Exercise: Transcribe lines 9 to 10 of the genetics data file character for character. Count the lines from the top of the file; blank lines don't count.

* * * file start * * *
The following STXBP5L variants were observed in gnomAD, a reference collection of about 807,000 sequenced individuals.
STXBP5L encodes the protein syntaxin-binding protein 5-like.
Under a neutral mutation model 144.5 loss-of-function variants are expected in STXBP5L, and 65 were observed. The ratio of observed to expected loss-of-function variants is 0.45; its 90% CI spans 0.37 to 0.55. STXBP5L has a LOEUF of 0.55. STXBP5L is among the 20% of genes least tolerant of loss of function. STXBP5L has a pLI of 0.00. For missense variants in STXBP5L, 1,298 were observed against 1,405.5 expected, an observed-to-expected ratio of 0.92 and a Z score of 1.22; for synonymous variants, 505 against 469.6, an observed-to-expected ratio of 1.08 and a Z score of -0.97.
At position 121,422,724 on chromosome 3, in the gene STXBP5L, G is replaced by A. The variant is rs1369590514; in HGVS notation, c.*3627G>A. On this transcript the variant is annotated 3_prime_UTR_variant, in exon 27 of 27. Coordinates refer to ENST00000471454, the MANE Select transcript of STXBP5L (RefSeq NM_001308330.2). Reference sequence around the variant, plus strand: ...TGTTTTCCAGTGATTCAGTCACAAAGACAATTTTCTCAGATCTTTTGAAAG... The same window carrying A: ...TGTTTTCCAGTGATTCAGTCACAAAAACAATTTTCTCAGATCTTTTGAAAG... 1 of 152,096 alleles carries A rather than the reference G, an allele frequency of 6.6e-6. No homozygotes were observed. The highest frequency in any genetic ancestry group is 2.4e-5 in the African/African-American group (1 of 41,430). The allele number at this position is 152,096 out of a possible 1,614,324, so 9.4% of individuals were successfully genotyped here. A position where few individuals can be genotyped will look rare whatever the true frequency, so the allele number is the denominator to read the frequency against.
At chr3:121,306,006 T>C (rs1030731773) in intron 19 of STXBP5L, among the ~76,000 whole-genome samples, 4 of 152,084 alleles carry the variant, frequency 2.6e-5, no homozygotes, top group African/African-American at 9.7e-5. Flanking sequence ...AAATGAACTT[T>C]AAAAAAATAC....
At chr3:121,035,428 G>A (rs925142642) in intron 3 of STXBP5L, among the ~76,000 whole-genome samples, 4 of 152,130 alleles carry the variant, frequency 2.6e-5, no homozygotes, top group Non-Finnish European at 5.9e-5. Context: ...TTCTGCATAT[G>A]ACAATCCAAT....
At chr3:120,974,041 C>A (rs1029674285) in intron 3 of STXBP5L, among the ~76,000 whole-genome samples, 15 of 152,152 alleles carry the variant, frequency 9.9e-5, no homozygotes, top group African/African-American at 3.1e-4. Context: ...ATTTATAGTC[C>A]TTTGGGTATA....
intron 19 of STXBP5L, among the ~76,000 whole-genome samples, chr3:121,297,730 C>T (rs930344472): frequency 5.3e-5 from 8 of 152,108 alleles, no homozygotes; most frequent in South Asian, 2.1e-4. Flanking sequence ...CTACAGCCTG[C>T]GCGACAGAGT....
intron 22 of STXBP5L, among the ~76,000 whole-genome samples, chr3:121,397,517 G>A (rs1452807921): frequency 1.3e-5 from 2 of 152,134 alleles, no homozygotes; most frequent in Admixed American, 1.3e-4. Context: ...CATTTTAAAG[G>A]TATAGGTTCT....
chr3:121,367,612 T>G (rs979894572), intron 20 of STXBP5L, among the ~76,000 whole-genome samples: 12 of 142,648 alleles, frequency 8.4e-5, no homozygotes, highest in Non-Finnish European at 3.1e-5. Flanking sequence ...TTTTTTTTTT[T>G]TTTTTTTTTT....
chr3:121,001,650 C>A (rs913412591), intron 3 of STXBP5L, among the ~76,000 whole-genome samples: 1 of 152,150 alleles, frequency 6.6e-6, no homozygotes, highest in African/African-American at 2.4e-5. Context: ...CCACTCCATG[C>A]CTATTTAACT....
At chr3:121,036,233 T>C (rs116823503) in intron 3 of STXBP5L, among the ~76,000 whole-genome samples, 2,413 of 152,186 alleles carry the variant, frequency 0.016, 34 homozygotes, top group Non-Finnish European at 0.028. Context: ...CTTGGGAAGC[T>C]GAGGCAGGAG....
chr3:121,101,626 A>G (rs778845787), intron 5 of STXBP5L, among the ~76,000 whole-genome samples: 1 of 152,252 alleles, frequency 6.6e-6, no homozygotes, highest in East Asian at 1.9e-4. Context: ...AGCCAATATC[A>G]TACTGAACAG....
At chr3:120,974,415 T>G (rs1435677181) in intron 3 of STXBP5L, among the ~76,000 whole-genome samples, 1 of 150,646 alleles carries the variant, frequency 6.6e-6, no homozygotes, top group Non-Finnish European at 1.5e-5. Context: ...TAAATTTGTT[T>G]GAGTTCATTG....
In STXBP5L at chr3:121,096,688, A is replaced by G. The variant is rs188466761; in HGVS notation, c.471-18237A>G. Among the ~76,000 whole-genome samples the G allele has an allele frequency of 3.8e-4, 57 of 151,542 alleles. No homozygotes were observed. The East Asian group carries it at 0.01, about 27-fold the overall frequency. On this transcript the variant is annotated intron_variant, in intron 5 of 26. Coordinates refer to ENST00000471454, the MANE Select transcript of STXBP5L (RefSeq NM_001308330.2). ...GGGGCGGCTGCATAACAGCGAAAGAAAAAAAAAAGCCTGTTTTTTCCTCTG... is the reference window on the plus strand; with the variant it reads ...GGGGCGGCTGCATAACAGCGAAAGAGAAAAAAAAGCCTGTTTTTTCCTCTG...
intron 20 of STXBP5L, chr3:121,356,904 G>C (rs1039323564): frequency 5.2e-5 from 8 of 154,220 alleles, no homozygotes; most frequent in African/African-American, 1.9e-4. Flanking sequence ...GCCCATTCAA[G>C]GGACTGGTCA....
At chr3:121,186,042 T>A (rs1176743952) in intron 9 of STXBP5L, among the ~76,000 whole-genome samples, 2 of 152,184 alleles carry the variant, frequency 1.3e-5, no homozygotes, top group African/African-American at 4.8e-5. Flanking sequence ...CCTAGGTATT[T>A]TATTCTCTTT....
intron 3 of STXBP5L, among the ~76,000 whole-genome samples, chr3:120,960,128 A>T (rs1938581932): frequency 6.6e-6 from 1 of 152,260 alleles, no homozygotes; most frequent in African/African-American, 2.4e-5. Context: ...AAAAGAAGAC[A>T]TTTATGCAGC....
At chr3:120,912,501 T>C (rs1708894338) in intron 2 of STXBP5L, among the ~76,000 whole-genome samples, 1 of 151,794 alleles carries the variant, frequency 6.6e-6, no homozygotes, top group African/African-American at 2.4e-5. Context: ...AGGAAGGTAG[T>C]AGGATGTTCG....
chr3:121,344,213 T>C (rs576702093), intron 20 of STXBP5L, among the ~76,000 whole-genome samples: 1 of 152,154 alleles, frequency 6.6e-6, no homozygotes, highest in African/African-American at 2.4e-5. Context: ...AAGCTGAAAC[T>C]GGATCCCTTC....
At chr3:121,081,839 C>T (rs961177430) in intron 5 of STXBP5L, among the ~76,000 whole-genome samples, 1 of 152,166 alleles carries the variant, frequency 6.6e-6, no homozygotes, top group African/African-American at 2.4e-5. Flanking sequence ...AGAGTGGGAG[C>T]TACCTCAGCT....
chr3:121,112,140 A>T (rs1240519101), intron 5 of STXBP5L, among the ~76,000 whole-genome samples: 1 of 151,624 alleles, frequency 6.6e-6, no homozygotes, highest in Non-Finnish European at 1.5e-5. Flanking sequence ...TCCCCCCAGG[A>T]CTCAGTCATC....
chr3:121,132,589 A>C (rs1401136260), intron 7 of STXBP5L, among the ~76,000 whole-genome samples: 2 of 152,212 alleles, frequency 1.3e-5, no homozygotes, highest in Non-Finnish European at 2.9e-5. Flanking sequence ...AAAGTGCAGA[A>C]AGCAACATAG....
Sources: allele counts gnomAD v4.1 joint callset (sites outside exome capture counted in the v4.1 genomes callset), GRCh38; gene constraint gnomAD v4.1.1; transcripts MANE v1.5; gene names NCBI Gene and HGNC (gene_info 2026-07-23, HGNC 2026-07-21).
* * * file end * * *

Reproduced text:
intron 22 of STXBP5L, among the ~76,000 whole-genome samples, chr3:121,397,517 G>A (rs1452807921): frequency 1.3e-5 from 2 of 152,134 alleles, no homozygotes; most frequent in Admixed American, 1.3e-4. Context: ...CATTTTAAAG[G>A]TATAGGTTCT....
chr3:121,367,612 T>G (rs979894572), intron 20 of STXBP5L, among the ~76,000 whole-genome samples: 12 of 142,648 alleles, frequency 8.4e-5, no homozygotes, highest in Non-Finnish European at 3.1e-5. Flanking sequence ...TTTTTTTTTT[T>G]TTTTTTTTTT....